United States, Freedmen's Bureau Claim Records - FamilySearch Historical Records
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United States, Freedmen’s Bureau Claim Records, 1865-1872
|This article describes a collection of records at FamilySearch.org.|
|Flag of the United States of America|
|US Flag 1863-1865 (35 stars)|
|National Archives and Records Administration Logo|
|Record Type||War Department Records|
|Record Group||RG 105: Records of the Bureau of Refugees, Freedmen and Abandoned Lands|
|National Archives Identifier||434|
|National Archives and Records Administration|
- 1 What is in This Collection?
- 2 What Can These Records Tell Me?
- 3 Collection Content
- 4 How Do I Search This Collection?
- 5 What Do I Do Next?
- 6 General Information About Freedmen's Bureau Records
- 7 Related FamilySearch Historical Records Collection Articles
- 8 Citing This Collection
- 9 How Can I Contribute to the FamilySearch Wiki?
What is in This Collection?[edit | edit source]
Index of claim records including registers of claimants, case files of pension claims, bounty and pay arrearages, applications for bounty, lists of claimants, receipts for payment of claims created by the Freedmen's Bureau for the years 1865 to 1872. The Freedmen’s Bureau assisted freedmen who had served in the United States Colored Troops during the Civil War receive any bounty, back pay or pensions due for military service. Many of the records in this publication are from the Freedmen’s Branch records NARA microfilm publication M2029. Additional collections helpful in searching for claims are the Freedmen's Branch Recordsand the records of the United States Colored Troops
Records from the field offices from the following states.
- Alabama (M1900), rolls 18, 19, 23, 26
- Arkansas (M1901), rolls 6, 11
- Maryland and Delaware (M1906), rolls 16-18, 28-35, 42
- Kentucky (M1904), roll 132
- Mississippi (M1907), roll 37, 40, 62, 63
- Missouri (M1908), roll 24
- North Carolina (M1909), rolls 47, 76
- South Carolina (M1910), rolls 23, 24, 58, 61, 106
- Virginia (M1913), rolls 127, 145, 146, 169, 178
Records of the Assistant Commissioner.
What Can These Records Tell Me?[edit | edit source]
The Bureau of Refugees, Freedmen, and Abandoned Lands (often called the Freedmen’s Bureau) was created in 1865 at the end of the American Civil War to supervise relief efforts including education, health care, food and clothing, refugee camps, legalization of marriages, employment, labor contracts, and securing back pay, bounty payments and pensions. These records include letters and endorsements sent and received, account books, applications for rations, applications for relief, court records, labor contracts, registers of bounty claimants, registers of complaints, registers of contracts, registers of disbursements, registers of freedmen issued rations, registers of patients, reports, rosters of officers and employees, special and general orders and circulars received, special orders and circulars issued, records relating to claims, court trials, property restoration, and homesteads.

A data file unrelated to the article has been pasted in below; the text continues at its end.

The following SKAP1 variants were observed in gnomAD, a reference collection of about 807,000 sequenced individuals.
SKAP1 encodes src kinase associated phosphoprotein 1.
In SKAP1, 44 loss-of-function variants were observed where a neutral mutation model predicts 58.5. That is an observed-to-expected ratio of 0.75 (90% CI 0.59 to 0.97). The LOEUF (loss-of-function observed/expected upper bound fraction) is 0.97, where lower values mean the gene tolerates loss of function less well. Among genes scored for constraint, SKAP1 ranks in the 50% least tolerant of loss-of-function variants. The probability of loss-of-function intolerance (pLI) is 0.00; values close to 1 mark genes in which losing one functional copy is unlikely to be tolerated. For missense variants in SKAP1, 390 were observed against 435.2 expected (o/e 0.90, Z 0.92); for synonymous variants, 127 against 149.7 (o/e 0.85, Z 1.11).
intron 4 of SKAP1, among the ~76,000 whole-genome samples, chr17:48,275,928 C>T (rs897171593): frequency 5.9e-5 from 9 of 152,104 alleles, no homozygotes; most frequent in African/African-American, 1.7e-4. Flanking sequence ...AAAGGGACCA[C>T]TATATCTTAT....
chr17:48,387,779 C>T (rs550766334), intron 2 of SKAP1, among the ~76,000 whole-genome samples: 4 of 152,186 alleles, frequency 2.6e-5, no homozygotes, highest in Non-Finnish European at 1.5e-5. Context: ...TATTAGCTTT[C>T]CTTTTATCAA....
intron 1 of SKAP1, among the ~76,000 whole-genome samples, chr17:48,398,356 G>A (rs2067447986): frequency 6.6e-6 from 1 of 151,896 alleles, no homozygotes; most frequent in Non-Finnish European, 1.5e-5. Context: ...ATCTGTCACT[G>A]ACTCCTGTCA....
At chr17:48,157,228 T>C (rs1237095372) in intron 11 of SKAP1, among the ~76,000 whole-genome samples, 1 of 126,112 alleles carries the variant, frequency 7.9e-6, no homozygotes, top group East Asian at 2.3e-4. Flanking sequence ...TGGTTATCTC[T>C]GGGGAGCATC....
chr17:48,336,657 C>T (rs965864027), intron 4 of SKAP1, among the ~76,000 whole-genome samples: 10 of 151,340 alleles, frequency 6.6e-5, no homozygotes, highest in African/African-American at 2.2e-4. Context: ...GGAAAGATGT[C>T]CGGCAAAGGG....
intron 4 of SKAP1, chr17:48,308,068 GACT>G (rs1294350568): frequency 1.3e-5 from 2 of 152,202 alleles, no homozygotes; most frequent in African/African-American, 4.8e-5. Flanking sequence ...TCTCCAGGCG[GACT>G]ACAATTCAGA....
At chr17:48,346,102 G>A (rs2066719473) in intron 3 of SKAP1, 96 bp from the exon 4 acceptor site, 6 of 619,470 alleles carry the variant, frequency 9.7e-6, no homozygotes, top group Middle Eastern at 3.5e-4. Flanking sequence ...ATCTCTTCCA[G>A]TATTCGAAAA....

Collection Content[edit | edit source]
Sample Images[edit | edit source]
The following important information is often found in Bureau records:
- Name of the freedman
- Name of the freedman’s former owner
- Date of the record
- Bride and groom
- Marriage date and place
How Do I Search This Collection?[edit | edit source]
To begin your search it is helpful to know:
- The name of your ancestor
- The approximate age of your ancestor
- The place where your ancestor lived
- The name of the former slave owner
Search the Index[edit | edit source]Search by name by visiting the Collection Details Page.
- Fill in the search boxes in the Search Collection section with the information you know
- Click Search to show possible matches
|More images are available in the FamilySearch Catalog at United States, Freedmen's Bureau Claim Records, 1865-1872. Some catalog records link to multiple references. In this case, click on a reference to find a camera icon to see images.|
How Do I Analyze the Results?[edit | edit source]
Compare each result from your search with what you know to determine if there is a match. This may require viewing multiple records or images. Keep track of your research in a research log.
What Do I Do Next?[edit | edit source]
I Found the Person I Was Looking For, What Now?[edit | edit source]
- Use the information found to search for the family in census records
- Use the information found to search for the family in church records